[TV Literature] Fitz-Simmons
***Spoiler Warning*** To about episode 11 of season 3.
Oh Fitz. Good guy Fitz. Wonderous Fitz.
Stop me if you’ve heard this one before. Boy meets girl. Girl is not particularly attractive, looks kind of like a bad Emma Watson knockoff in shady lighting, but boy is not a prize catch either. Both look at each other with wanting eyes but, hey! Let’s just be best friends because that always works. Do feelings come out boom, boom? Of course they do. Boy confesses and everything falls into place.
I’m kidding, about that last line. Nothing ever falls into place.
When I first started watching Marvel’s Agents of S.H.I.E.L.D., I honestly did not expect too much. Some super spy stuff, a little bit of CGI, name drops, and the guy that Tony Stark only refers to as, “Agent.” But little did I know, S.H.I.E.L.D. quickly went from a directionless spin-off into a literary powerhouse that captured all the nerdy cockles of the English student in me. What do I mean by that?
Well, of the many aspects of storytelling that S.H.I.E.L.D. does well, character development is probably the greatest thing they excel at. Many unfamous authors remain unfamous because their characters are difficult for readers to connect to personally or they do not seem to change as the plot progresses. Character development is essential to fleshing out paper and ink into someone your imagination feels like it get behind or at least give a damn if they blow up in a car.
Today, I’m going to discuss the fan darling concept of Fitz-Simmons, the pairing of two adork-able teen scientists on Phil Coulson’s S.H.I.E.L.D. team.
The first of the two would be boy, aka, Leopold Fitz. Fitz is a genius in robotics and Simmons’ classmate at the S.H.I.E.L.D. version of Hogwarts which is where they bloodswore best friendship. As a supporting character, he provided comedy relief and occasional moments of almost heroism before the Ward/Mack would come to perform the real action. You could recognize Fitz on the screen from his heavy one of the UK’s many accents as well as the expression of confusion that seems to be pasted onto his face.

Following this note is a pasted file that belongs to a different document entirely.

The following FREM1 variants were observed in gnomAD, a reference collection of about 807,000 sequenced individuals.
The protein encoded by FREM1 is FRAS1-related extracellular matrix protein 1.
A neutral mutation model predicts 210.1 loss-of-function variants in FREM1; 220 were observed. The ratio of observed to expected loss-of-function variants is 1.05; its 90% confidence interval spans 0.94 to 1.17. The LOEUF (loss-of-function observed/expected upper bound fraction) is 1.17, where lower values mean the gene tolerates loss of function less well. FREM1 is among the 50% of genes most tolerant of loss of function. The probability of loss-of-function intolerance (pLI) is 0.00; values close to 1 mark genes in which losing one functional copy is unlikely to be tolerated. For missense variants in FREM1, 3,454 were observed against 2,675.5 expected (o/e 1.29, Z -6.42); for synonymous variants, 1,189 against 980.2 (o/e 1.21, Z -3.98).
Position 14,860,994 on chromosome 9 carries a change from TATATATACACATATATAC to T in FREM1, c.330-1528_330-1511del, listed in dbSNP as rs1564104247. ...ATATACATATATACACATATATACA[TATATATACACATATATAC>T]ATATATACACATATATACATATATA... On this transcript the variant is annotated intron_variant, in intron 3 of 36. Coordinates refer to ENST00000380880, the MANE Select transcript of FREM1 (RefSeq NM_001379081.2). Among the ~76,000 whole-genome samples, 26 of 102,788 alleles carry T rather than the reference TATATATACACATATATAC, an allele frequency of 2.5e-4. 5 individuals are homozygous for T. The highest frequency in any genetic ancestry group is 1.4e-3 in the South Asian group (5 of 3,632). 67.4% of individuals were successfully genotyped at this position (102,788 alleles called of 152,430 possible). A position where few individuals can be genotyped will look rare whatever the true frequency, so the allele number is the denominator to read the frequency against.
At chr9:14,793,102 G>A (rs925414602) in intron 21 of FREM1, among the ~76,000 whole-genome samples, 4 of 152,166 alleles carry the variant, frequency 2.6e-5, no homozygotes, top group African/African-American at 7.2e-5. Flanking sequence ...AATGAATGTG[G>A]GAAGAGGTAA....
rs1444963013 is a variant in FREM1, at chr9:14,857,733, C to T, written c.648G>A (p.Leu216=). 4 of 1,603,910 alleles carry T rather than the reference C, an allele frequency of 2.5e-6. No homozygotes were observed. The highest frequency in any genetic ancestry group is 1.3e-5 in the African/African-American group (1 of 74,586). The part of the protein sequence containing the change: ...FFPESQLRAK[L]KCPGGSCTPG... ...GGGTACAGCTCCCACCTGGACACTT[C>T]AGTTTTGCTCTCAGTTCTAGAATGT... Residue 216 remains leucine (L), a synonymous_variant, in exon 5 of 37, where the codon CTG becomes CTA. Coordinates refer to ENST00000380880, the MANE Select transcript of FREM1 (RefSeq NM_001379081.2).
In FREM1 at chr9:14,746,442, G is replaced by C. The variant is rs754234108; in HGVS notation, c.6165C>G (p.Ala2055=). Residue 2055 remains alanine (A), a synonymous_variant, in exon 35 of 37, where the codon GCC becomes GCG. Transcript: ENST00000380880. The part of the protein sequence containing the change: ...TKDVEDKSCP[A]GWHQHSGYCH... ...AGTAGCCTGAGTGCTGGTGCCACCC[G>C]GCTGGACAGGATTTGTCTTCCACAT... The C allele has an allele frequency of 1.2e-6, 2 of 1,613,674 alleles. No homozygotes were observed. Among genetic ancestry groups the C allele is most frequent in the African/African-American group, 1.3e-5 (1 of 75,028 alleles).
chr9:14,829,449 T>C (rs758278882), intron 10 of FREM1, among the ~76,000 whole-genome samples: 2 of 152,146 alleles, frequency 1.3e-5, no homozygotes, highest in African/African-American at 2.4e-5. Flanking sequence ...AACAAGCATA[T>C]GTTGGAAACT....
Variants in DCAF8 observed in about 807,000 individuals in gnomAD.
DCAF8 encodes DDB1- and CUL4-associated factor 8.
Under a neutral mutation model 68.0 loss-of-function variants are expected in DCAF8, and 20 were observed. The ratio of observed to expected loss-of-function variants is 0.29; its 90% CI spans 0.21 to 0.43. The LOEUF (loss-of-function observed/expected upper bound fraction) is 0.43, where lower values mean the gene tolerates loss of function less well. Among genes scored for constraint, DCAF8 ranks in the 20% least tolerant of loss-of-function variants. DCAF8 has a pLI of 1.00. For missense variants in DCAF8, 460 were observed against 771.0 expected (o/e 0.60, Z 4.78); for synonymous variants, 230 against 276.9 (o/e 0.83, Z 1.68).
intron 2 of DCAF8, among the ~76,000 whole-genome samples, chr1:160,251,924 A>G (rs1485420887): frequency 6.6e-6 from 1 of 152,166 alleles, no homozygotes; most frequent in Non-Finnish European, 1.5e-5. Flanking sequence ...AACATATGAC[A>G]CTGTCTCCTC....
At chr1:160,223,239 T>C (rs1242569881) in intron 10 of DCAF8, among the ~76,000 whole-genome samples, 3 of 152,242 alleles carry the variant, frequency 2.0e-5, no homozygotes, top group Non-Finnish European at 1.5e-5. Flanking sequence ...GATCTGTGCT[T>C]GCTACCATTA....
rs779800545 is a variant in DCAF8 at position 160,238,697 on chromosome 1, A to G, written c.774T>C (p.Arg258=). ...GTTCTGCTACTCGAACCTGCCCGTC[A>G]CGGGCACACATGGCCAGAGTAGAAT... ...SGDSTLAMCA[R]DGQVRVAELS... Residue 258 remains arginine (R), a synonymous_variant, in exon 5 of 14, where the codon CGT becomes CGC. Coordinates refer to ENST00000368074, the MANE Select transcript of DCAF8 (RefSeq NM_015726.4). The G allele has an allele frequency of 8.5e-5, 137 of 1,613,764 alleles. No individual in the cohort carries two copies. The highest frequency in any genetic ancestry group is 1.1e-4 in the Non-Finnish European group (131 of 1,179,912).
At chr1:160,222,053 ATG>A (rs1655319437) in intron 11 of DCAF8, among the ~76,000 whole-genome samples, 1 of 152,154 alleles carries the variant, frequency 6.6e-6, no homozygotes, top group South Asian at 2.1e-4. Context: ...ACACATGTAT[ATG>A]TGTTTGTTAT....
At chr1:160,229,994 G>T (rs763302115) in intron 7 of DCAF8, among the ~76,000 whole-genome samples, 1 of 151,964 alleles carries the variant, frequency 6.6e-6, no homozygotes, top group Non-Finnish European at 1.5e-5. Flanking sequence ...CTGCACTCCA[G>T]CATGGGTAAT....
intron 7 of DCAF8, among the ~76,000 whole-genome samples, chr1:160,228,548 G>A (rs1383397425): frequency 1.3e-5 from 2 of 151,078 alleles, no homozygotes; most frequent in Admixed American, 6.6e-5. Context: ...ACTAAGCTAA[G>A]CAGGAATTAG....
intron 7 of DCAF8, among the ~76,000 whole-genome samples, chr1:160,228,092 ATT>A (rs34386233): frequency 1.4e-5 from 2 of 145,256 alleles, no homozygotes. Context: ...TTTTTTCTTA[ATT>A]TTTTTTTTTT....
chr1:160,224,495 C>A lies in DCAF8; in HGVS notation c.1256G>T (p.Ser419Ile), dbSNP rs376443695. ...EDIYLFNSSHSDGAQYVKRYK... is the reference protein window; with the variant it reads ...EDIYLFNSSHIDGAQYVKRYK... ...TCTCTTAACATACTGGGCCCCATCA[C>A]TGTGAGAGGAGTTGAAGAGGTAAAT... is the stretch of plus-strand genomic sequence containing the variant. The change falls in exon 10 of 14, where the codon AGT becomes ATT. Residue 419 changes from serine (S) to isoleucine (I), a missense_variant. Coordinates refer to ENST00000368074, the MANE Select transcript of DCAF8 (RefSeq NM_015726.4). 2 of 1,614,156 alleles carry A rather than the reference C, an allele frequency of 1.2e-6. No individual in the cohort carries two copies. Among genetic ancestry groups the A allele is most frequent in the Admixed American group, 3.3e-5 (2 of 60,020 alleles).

The second of the two is girl, aka, Jemma Simmons.
aka, Emma Watson.
aka, Lily Carter.
Simmons is a biology expert who apparently spent a lot of time with Fitz at S.H.I.E.L.D.warts even though they were focused on entirely different subjects. She was originally introduced as the cute comedy relief character by being socially awkward before ABC told Marvel, “Make her sexy. Somewhat.”
The two came as a pair and their interactions quickly went from mindless chuckles to becoming a pivotal development on the show as they came to grips with their feelings for one another and puberty. And this is where Marvel does a wonderful job promoting background talent to main screen attraction.
Over the course of two and a half seasons, Fitz found his footing into manhood because of Simmons. Whereas most boys poked or pulled the hair of girls they liked, Fitz went above and beyond and did things like saving her life, giving her his last lungful of air as they sank into the ocean, jumped through an alien portal first chance he got to find her, ignored national security for her personal safety, and even overcame the limitations of permanent brain damage because, her. In a show where everyone is an action hero, Fitz stands out by displaying the most amount of personal heroism. Being the guy who doesn’t blast and punch his way out of things, but being the guy who will-powers through everything, the audience is inclined to cheer for the boy as he becomes the man with the noblest of intentions.